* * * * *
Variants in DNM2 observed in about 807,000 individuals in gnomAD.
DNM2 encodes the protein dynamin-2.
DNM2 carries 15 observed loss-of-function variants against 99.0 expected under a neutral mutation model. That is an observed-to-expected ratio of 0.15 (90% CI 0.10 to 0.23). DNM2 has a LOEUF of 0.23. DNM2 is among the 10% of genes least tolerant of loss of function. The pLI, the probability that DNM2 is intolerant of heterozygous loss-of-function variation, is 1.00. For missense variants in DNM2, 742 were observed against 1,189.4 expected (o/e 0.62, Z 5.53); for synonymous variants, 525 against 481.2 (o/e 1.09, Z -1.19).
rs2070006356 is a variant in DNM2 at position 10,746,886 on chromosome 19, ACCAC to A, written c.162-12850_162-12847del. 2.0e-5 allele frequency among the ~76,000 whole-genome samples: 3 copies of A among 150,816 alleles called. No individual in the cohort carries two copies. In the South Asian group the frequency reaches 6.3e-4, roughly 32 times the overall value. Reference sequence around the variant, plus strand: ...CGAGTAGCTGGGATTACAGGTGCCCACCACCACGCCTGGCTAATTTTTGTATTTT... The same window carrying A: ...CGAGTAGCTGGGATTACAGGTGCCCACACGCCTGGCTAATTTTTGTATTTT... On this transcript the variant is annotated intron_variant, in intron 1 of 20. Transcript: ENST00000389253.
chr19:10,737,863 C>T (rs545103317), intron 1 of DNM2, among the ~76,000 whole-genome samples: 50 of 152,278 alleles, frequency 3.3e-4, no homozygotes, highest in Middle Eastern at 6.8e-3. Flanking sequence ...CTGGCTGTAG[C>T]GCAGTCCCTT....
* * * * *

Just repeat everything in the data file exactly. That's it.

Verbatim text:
Variants in DNM2 observed in about 807,000 individuals in gnomAD.
DNM2 encodes the protein dynamin-2.
DNM2 carries 15 observed loss-of-function variants against 99.0 expected under a neutral mutation model. That is an observed-to-expected ratio of 0.15 (90% CI 0.10 to 0.23). DNM2 has a LOEUF of 0.23. DNM2 is among the 10% of genes least tolerant of loss of function. The pLI, the probability that DNM2 is intolerant of heterozygous loss-of-function variation, is 1.00. For missense variants in DNM2, 742 were observed against 1,189.4 expected (o/e 0.62, Z 5.53); for synonymous variants, 525 against 481.2 (o/e 1.09, Z -1.19).
rs2070006356 is a variant in DNM2 at position 10,746,886 on chromosome 19, ACCAC to A, written c.162-12850_162-12847del. 2.0e-5 allele frequency among the ~76,000 whole-genome samples: 3 copies of A among 150,816 alleles called. No individual in the cohort carries two copies. In the South Asian group the frequency reaches 6.3e-4, roughly 32 times the overall value. Reference sequence around the variant, plus strand: ...CGAGTAGCTGGGATTACAGGTGCCCACCACCACGCCTGGCTAATTTTTGTATTTT... The same window carrying A: ...CGAGTAGCTGGGATTACAGGTGCCCACACGCCTGGCTAATTTTTGTATTTT... On this transcript the variant is annotated intron_variant, in intron 1 of 20. Transcript: ENST00000389253.
chr19:10,737,863 C>T (rs545103317), intron 1 of DNM2, among the ~76,000 whole-genome samples: 50 of 152,278 alleles, frequency 3.3e-4, no homozygotes, highest in Middle Eastern at 6.8e-3. Flanking sequence ...CTGGCTGTAG[C>T]GCAGTCCCTT....